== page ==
Express to Gabon

After four weeks of various attempts, I tried a final time at the immigration office for an extension or conversion of my Cameroon visa but to no avail. It was time to put plan B into action so I grabbed my book and toothbrush and with plenty of time to spare (well, seven hours) before my visa expired, managed to get across the bridge separating Cameroon and Gabon hanging onto the back of a motorbike.

From here things didn't quite go to plan as I had studied well the 300km route from Yaounde south to the boarder, but only guesstimated the rest and messed up by a factor of two. But, having come this far the only option was to sit and wait for the next transport to continue my way 612km to the nearest Cameroon Embassy in Libreville to reapply for another visa. I hoped for something better, but ended up travelling most of it in a 10 seat toyota minivan with 17 people on board, plus luggage, which took the entire night to reach our destination, with multiple comical army checkpoints (about every 40kms!?).

Its hard to keep a straight face when asked for millionth time what your fathers name is, like they are going to catch you out or something? Oh yes, and don't leave home without your yellow fever vaccination certificate if you are heading to this part of the world. Not sure what happens if you don't have it but there was a look of disappointment every time I whisked it out of my top pocket. Assume a 'fine' is often an available solution.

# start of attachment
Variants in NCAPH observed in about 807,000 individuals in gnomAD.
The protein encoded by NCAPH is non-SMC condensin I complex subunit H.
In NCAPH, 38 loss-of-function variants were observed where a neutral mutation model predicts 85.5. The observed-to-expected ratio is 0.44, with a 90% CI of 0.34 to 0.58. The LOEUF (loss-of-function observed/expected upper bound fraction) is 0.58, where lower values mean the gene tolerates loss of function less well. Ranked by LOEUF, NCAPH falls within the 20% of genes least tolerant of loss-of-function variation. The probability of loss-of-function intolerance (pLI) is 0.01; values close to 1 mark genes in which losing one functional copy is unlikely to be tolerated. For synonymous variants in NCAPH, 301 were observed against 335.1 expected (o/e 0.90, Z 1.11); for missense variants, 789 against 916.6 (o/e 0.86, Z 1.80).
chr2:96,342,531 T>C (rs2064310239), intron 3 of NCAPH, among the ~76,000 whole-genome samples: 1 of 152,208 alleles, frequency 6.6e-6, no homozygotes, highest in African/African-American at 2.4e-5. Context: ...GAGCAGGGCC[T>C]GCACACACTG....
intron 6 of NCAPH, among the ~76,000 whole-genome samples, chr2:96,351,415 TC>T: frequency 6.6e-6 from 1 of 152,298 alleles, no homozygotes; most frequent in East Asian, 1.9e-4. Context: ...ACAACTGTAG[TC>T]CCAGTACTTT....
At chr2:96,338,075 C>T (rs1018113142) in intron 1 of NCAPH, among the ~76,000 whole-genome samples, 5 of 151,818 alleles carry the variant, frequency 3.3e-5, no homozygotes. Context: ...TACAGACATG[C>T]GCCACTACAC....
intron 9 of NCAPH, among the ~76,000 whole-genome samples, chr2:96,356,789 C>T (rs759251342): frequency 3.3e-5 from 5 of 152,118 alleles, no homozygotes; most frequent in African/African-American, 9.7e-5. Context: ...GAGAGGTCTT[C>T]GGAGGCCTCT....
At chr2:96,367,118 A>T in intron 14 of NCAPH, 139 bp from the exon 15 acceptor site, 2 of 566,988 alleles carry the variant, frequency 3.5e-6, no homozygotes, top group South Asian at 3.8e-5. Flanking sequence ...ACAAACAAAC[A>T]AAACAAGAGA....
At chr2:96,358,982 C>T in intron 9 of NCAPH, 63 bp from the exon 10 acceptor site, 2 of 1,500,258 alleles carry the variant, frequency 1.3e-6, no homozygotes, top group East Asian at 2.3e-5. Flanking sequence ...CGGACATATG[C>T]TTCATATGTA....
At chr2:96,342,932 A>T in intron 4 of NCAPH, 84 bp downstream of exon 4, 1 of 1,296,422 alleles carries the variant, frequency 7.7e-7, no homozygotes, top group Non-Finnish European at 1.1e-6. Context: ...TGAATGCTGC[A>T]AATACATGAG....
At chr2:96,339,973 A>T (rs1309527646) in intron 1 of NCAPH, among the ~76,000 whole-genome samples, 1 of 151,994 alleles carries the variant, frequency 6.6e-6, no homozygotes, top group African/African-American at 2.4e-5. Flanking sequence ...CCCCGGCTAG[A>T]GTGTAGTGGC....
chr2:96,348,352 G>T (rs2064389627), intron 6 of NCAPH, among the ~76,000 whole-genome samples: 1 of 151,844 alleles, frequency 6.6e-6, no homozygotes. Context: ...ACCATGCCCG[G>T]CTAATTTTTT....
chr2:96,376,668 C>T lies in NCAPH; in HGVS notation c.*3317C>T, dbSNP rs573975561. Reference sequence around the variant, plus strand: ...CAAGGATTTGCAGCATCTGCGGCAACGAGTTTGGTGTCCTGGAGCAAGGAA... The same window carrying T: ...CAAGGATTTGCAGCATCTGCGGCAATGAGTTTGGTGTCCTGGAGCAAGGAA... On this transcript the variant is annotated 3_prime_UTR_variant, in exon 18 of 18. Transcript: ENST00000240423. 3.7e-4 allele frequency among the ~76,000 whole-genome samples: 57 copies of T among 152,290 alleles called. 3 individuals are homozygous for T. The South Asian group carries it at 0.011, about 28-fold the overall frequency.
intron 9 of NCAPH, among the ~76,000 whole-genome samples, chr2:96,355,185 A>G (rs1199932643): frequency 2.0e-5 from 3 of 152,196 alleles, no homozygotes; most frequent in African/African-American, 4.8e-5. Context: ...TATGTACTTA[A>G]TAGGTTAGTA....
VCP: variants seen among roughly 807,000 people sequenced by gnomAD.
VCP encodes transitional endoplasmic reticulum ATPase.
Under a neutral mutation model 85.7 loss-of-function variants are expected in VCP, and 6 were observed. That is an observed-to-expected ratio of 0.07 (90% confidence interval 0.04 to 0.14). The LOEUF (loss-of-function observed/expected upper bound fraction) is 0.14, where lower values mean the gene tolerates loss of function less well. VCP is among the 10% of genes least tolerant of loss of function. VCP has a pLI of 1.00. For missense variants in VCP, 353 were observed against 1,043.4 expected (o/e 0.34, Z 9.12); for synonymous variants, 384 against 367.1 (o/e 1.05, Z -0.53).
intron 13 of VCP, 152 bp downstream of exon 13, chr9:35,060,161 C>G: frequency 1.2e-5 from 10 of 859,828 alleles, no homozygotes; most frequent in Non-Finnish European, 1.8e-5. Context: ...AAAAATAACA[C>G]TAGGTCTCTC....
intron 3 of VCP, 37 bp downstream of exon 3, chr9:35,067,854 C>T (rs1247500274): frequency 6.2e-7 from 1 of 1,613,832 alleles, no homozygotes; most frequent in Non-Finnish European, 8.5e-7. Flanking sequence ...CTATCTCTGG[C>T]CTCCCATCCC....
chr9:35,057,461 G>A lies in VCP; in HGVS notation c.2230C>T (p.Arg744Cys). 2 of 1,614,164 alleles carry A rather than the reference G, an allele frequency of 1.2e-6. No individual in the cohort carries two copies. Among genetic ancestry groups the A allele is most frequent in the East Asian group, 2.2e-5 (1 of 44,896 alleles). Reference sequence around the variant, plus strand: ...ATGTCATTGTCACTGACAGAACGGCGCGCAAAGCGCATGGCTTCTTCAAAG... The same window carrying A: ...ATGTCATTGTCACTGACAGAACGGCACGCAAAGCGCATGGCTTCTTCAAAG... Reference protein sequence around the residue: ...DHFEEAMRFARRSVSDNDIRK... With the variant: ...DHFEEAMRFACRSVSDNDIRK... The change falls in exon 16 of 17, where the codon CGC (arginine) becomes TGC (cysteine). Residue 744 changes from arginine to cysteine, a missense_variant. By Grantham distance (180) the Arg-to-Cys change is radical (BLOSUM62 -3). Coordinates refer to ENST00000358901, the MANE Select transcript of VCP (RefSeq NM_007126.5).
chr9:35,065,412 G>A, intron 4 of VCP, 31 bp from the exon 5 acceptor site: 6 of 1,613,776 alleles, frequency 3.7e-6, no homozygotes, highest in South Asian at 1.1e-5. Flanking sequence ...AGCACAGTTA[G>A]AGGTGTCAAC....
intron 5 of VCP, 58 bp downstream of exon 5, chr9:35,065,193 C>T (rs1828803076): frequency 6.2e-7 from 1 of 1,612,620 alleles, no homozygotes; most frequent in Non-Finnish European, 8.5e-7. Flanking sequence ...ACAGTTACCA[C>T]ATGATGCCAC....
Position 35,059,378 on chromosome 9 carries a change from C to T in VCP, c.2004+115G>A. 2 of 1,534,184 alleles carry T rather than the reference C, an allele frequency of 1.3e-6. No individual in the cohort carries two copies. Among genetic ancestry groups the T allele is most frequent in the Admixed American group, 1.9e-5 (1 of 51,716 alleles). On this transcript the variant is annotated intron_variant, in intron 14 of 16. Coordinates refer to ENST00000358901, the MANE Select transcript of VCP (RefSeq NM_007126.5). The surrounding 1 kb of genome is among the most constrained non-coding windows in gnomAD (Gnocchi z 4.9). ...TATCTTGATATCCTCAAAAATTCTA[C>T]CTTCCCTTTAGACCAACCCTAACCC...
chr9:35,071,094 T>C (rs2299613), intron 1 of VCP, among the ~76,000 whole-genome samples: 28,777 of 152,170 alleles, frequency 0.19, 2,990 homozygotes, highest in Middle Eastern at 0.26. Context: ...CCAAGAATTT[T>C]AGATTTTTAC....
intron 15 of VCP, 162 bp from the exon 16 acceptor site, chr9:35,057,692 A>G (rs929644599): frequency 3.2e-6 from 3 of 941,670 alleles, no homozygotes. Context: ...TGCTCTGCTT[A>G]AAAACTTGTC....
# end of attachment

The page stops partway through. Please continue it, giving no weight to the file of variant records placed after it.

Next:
With various papers, photocopies, passport photos, invitation letters and a wad of francs all in hand in large quantities, getting the visa in Libreville was the anticlimax. I'm stamped and sorted for the next six months.

Glanced at the city of Libreville but decided it was a pretty sad case of rubbish, traffic, a US$300 million presidential palace, some fancy hotels and not much else. I could have done with a swim to freshen up but instead in the late afternoon just found the next taxi-minibus-taxi-motorbike-taxi-bus-taxi combination for the 24 hour ride back home to Yaounde. The most memorable sight was the kids of the sides of the road in the more remote areas selling dead mammals of all rarities to passing cars. My driver bought something for his dinner that was perhaps related to an aardvark?

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